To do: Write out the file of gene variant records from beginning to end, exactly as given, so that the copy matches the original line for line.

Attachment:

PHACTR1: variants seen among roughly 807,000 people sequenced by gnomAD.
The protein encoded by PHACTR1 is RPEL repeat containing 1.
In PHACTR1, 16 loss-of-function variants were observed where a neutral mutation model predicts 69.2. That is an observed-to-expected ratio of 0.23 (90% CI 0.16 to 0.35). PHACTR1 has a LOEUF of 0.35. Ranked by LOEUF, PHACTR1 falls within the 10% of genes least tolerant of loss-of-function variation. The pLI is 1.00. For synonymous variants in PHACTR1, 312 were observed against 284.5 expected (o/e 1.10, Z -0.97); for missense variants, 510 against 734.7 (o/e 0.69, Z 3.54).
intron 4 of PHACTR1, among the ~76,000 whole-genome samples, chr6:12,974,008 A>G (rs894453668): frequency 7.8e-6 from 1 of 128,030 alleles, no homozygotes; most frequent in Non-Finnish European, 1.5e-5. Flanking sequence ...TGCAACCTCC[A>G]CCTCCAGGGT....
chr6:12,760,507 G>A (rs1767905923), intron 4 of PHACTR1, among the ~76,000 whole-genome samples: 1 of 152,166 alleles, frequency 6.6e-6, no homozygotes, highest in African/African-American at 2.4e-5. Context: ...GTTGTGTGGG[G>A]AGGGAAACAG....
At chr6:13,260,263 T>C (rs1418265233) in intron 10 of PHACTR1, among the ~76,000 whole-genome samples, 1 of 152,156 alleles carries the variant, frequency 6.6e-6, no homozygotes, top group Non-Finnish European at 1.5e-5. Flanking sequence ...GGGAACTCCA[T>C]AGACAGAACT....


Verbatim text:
PHACTR1: variants seen among roughly 807,000 people sequenced by gnomAD.
The protein encoded by PHACTR1 is RPEL repeat containing 1.
In PHACTR1, 16 loss-of-function variants were observed where a neutral mutation model predicts 69.2. That is an observed-to-expected ratio of 0.23 (90% CI 0.16 to 0.35). PHACTR1 has a LOEUF of 0.35. Ranked by LOEUF, PHACTR1 falls within the 10% of genes least tolerant of loss-of-function variation. The pLI is 1.00. For synonymous variants in PHACTR1, 312 were observed against 284.5 expected (o/e 1.10, Z -0.97); for missense variants, 510 against 734.7 (o/e 0.69, Z 3.54).
intron 4 of PHACTR1, among the ~76,000 whole-genome samples, chr6:12,974,008 A>G (rs894453668): frequency 7.8e-6 from 1 of 128,030 alleles, no homozygotes; most frequent in Non-Finnish European, 1.5e-5. Flanking sequence ...TGCAACCTCC[A>G]CCTCCAGGGT....
chr6:12,760,507 G>A (rs1767905923), intron 4 of PHACTR1, among the ~76,000 whole-genome samples: 1 of 152,166 alleles, frequency 6.6e-6, no homozygotes, highest in African/African-American at 2.4e-5. Context: ...GTTGTGTGGG[G>A]AGGGAAACAG....
At chr6:13,260,263 T>C (rs1418265233) in intron 10 of PHACTR1, among the ~76,000 whole-genome samples, 1 of 152,156 alleles carries the variant, frequency 6.6e-6, no homozygotes, top group Non-Finnish European at 1.5e-5. Flanking sequence ...GGGAACTCCA[T>C]AGACAGAACT....